Connect With the Sun to Combat Depression

If the season's short days have you down, this is the time to recharge
March 1, 2021 Updated: March 1, 2021

If winter has left you feeling drained and down, the pending spring makes this an opportune time to recharge.

Like nearly all living things, you are bound to the sun in a special biochemical relationship that extends from your immune system, to what you eat, to how you feel through the cycle of the seasons. One example is seasonal affective disorder (SAD), a form of depression brought by the short days and grey skies of winter. Those who experience SAD have the additional weight of this year’s pandemic as well.

Stress, anxiety, and sadness can make it challenging to muster energy or enthusiasm. This can lead to more sedentary time, overeating, and social isolation.

Getting sunlight and social connection is an important way to get out of this state. Just as the sun draws plants from seeds buried in the ground, it can nurture something inside of you that only needs a bit more energy and warmth to come alive.

For many people, increasing light exposure boosts energy and for some, it will also relieve depressive symptoms.

Getting as much sunlight as possible, even through a window, has been shown to help people with SAD. So, when you wake up each day, open curtains and blinds to let natural light flood in. Even if it’s a cloudy day, the natural light can help. This practice can also help settle your circadian rhythm and support a healthy sleep-wake cycle.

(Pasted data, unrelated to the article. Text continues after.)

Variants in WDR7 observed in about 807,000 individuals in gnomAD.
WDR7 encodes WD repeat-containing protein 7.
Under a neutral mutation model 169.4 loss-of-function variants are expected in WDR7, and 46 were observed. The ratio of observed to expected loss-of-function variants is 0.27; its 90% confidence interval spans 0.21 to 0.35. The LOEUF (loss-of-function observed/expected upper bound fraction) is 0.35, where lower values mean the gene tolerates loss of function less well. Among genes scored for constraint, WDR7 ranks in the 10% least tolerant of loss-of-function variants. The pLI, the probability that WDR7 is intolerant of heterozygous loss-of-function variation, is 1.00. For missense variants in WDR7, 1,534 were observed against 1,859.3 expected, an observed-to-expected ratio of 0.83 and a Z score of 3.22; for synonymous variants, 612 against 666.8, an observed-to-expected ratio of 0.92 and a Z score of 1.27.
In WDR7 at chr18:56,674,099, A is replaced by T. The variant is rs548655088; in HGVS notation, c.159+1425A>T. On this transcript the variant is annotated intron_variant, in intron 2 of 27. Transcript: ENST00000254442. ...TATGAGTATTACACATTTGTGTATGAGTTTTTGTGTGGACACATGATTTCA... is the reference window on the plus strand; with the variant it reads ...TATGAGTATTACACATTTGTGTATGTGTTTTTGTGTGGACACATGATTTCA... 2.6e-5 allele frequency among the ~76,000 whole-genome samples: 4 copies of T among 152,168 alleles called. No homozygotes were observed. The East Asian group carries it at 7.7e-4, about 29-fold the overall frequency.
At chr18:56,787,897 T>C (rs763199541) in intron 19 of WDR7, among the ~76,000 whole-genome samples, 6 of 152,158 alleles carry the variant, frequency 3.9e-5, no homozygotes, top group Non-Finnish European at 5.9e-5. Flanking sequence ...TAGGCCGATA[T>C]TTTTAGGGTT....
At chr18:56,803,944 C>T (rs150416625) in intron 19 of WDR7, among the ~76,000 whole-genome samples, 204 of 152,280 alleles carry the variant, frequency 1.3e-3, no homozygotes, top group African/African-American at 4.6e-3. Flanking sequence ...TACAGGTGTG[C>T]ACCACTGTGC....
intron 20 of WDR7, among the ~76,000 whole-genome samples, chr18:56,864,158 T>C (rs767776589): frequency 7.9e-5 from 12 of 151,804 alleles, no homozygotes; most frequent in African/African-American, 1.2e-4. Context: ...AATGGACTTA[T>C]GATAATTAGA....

Sit near the windows as much as possible to get direct exposure. Do your best to get outside for a walk each day, as both the light and the movement can increase your energy.

If more light is required, you can try a lightbox. These are specially designed lights that emit a soft, steady spectrum of light that mimics the sun and can help treat SAD.

Other things you can do to help cope with the dark, short days of the season include:

  • Finding ways to boost physical activity. Dancing at home, walks, snowshoeing, etc., can all help improve energy levels.
  • Set a consistent schedule. Go to bed and wake up at the same time each day and get into a routine.
  • Ensure that you’re getting adequate nutrition each day to keep your energy up.
  • Dedicate time each day to relax and do things you enjoy.
  • Talk to friends and family to stay socially connected. Try booking virtual chats/phone calls in advance, so you have something to look forward to.

Mat Lecompte is a freelance health and wellness journalist. This article was first published on Bel Marra Health.